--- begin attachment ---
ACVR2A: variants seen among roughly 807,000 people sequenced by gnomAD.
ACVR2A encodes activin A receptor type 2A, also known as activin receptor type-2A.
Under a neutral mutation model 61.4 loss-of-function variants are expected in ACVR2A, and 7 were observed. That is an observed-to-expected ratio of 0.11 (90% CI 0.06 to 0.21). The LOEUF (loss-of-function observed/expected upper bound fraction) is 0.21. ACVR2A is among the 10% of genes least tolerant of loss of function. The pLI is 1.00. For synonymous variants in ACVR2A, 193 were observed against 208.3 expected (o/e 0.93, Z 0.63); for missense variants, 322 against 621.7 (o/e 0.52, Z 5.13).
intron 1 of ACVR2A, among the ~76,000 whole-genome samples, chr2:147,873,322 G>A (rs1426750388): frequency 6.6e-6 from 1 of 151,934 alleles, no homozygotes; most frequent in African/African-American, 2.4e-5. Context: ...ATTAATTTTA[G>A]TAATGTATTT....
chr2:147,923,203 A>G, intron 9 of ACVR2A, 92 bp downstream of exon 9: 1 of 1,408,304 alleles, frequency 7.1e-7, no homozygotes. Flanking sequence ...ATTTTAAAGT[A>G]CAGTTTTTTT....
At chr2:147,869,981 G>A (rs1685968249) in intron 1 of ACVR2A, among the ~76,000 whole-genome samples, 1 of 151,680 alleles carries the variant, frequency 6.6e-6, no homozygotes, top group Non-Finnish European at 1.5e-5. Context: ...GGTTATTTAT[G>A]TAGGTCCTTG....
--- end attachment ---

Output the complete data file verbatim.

ACVR2A: variants seen among roughly 807,000 people sequenced by gnomAD.
ACVR2A encodes activin A receptor type 2A, also known as activin receptor type-2A.
Under a neutral mutation model 61.4 loss-of-function variants are expected in ACVR2A, and 7 were observed. That is an observed-to-expected ratio of 0.11 (90% CI 0.06 to 0.21). The LOEUF (loss-of-function observed/expected upper bound fraction) is 0.21. ACVR2A is among the 10% of genes least tolerant of loss of function. The pLI is 1.00. For synonymous variants in ACVR2A, 193 were observed against 208.3 expected (o/e 0.93, Z 0.63); for missense variants, 322 against 621.7 (o/e 0.52, Z 5.13).
intron 1 of ACVR2A, among the ~76,000 whole-genome samples, chr2:147,873,322 G>A (rs1426750388): frequency 6.6e-6 from 1 of 151,934 alleles, no homozygotes; most frequent in African/African-American, 2.4e-5. Context: ...ATTAATTTTA[G>A]TAATGTATTT....
chr2:147,923,203 A>G, intron 9 of ACVR2A, 92 bp downstream of exon 9: 1 of 1,408,304 alleles, frequency 7.1e-7, no homozygotes. Flanking sequence ...ATTTTAAAGT[A>G]CAGTTTTTTT....
At chr2:147,869,981 G>A (rs1685968249) in intron 1 of ACVR2A, among the ~76,000 whole-genome samples, 1 of 151,680 alleles carries the variant, frequency 6.6e-6, no homozygotes, top group Non-Finnish European at 1.5e-5. Context: ...GGTTATTTAT[G>A]TAGGTCCTTG....